Quantitative Easing and the Markets
It is hardly surprising that the members of the Federal Reserve Open Market Committee, the policy making body of the central bank, discussed the state of the economy and the impact of their policies, particularly the most controversial quantitative easing, at their January meeting.
It is a measure of the enormous sensitivity in the markets to Fed policy that the observation in the minutes from several board members, that quantitative easing may have to end or be curtailed before the stated Fed goal of 6.5% unemployment is reached, sent trading markets into a tailspin.
The Dow lost about 90 points after the release of the minutes, closing down 108.13, 0.77% at 13.927.50. The S&P lost 19.02 points, 1.24% to 1,511.92 and the Nasdaq shed 1.53%, 49.19 points to 3.164.41, the bulk of the damage occurring after the 2:00 pm release. The dollar was the one beneficiary gaining 0.5% against the euro after the release but 1.2% on the day. Spot Gold dropped 2.54%, $40.80 to $1,563.34, its lowest point since last July. WTI sank 2.30% on the Nymex Exchange, closing down $2.23 to $94.46
The Fed is currently committed to buying $40 billion a month of mortgage backed paper and $45 billion of Treasury securities in open ended support of the economy. The sensitivity of the FOMC to the risks of quantitative easing does seem to be rising. This is the second set of minutes to include comments on the possible end of special liquidity provisions.
If the Fed wanted to prepare the markets and the economy for the end of quantitative easing this how the committee and the editors of the minutes would begin.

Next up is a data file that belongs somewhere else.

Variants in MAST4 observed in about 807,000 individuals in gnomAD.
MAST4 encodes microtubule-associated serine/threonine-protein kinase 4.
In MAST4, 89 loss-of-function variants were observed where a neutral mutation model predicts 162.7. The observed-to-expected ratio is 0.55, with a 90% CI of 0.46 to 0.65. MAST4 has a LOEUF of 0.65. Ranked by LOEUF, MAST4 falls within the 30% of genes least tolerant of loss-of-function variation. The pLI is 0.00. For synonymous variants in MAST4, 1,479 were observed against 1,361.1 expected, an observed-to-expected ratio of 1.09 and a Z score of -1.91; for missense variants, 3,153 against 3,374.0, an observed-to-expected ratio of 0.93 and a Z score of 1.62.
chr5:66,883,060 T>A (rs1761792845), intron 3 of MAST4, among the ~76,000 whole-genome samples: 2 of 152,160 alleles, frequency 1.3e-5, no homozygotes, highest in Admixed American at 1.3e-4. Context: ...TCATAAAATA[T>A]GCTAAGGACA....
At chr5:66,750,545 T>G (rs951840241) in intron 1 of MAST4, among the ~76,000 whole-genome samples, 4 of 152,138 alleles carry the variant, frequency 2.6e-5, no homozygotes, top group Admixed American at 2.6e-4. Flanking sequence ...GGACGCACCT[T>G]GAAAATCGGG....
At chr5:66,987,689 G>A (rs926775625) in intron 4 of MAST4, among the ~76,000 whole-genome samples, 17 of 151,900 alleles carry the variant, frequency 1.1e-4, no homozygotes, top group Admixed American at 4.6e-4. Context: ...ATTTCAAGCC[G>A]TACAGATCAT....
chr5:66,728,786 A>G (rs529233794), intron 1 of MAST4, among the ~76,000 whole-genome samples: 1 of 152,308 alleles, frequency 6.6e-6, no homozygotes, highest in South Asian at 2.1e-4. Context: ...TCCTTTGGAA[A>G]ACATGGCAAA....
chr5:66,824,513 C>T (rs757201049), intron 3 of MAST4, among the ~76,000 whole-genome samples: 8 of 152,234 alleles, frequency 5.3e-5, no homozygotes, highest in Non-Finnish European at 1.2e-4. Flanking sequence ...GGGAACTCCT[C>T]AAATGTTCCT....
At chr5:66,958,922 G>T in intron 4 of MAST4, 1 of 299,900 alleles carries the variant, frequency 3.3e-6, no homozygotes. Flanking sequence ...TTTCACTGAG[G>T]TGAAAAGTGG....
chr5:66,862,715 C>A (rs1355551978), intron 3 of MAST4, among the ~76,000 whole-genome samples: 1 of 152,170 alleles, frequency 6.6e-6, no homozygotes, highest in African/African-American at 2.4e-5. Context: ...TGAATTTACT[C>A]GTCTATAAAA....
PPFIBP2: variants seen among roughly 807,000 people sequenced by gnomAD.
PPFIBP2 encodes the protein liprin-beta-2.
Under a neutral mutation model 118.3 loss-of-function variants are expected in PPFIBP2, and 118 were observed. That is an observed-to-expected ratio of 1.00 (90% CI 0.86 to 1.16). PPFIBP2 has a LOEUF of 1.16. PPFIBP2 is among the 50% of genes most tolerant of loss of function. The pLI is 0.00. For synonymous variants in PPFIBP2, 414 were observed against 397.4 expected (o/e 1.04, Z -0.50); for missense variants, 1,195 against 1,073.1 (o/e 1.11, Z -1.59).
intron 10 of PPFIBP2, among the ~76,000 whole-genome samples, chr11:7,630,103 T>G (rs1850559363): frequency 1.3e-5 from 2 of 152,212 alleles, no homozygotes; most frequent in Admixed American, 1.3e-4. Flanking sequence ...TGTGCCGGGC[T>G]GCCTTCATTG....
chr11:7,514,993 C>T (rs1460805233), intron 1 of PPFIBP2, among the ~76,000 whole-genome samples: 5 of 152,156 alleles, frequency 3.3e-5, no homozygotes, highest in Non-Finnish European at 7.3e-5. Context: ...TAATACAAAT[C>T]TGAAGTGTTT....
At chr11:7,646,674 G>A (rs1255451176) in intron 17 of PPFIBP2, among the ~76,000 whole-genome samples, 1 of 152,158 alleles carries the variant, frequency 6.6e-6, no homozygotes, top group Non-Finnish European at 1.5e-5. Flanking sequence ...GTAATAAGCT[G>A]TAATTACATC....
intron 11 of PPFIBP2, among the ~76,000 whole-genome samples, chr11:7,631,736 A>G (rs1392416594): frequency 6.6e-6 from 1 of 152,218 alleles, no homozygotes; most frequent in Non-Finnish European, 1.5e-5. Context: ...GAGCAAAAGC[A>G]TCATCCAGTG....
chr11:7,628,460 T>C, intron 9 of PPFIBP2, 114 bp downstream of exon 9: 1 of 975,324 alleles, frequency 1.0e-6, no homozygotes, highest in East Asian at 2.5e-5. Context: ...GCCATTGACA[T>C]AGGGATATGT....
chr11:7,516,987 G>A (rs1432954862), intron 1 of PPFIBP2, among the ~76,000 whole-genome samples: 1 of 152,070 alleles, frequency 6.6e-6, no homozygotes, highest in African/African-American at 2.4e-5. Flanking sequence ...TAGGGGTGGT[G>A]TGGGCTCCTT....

For the equity and commodity markets quantitative easing has meant artificial price buoyancy. Market participants, shorn of most other opportunities for investing their funds by the zero rate policy of the Fed, have pursued the averages higher, certain that most other participants would do exactly the same. The US economy may have improved recently but it is very doubtful that its health warrants a Dow average that until today was within 100 points of its all-time high or a $98 price for a barrel of oil.
In the currency markets where the vast majority of trading takes place against the dollar, quantitative easing has meant a permanent bias against the U.S. currency, an undercurrent that surfaces whenever the European debt crisis has gone on hiatus.
The deliberate Fed policy of using liquidity to bolster the wealth effect of higher equity prices on the general economy may have run its logical course. If most market participants accept that price levels are artificial then the chance that this will prompt other economic activity is small. Businesses will want to see how the economy performs when the liquidity and rate support is withdrawn before they expand their operations.
The extreme sensitivity of traders to the potential end of Fed liquidity is a sign, and perhaps an unwelcome sign that the strength of the equity averages is founded on little more than a search for return in a zero rate world.
Is the Fed signaling that the time is coming for the economy to stand or fall on its own?